My Postcard as an Historical Artifact


Holyrood Abbey, The Nave - Postcard Front


Holyrood Abbey, The Nave - Postcard Back

This postcard depicts the Nave/Church adjacent to the Palace of Holyroodhouse in Holyrood Abbey in Edinburgh. This site has been a monument of Scottish history since its 'discovery' by King David I in 1127. Previously the site of canons regular, the original site was in ruins. The current site also lay in ruins since the roof collapsed in 1768 (The Scots Magazine 1768). It is, according to the Scottish government, a scheduled monument (Historic Environment Scotland 2019).

This postcard was most likely printed in the early 20th century, during the Divided Back period into the White Boarder period. The divided back period is also known as the 'Golden Age of Postcards' because of the extreme and widespread popularity of them at the time (Smithsonian 2019). Finally, people were able to send messages along with the post card for the first time since they were called Private Mailing Cards in the late 19th century (Smithsonian 2019). Postcards of this kind, with monument or attraction photos on them, were 'taken and retaken' every year or traveling season to capture the current state of 'staple sights and new attractions' (Durie 2017).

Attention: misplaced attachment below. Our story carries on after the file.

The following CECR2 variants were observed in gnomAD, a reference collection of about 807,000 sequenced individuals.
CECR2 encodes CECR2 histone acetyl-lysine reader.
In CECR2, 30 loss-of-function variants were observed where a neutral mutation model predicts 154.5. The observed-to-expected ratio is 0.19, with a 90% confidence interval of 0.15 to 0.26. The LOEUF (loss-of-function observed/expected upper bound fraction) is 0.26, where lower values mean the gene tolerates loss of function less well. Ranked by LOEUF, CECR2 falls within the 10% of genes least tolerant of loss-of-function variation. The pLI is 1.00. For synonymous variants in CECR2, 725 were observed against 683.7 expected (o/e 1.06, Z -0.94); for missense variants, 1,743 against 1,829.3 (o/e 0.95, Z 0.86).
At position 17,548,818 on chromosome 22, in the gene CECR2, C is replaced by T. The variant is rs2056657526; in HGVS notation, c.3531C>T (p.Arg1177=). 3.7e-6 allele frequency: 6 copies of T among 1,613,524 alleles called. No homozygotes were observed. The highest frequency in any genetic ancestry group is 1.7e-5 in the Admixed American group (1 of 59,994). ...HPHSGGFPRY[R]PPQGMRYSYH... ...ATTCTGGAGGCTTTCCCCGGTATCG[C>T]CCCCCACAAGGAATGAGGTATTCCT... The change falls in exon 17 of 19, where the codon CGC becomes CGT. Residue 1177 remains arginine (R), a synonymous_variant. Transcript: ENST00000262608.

This kind of postcard is telling of how Edinburgh began to view themselves as a tourist destination. With all their historic monuments, beautiful parks, and everyday lifestyle, Edinburgh is worthy of the second most popular tourist destination in the U.K., after only London. Similar to how social media posts about one's travels are a way to express their love of a place as well as to show off their travels, so too was the postcard. Edinburgh also benefitted from the postcards being sent around the U.K. and outside as it would attract more tourists to visit their great and historic city.

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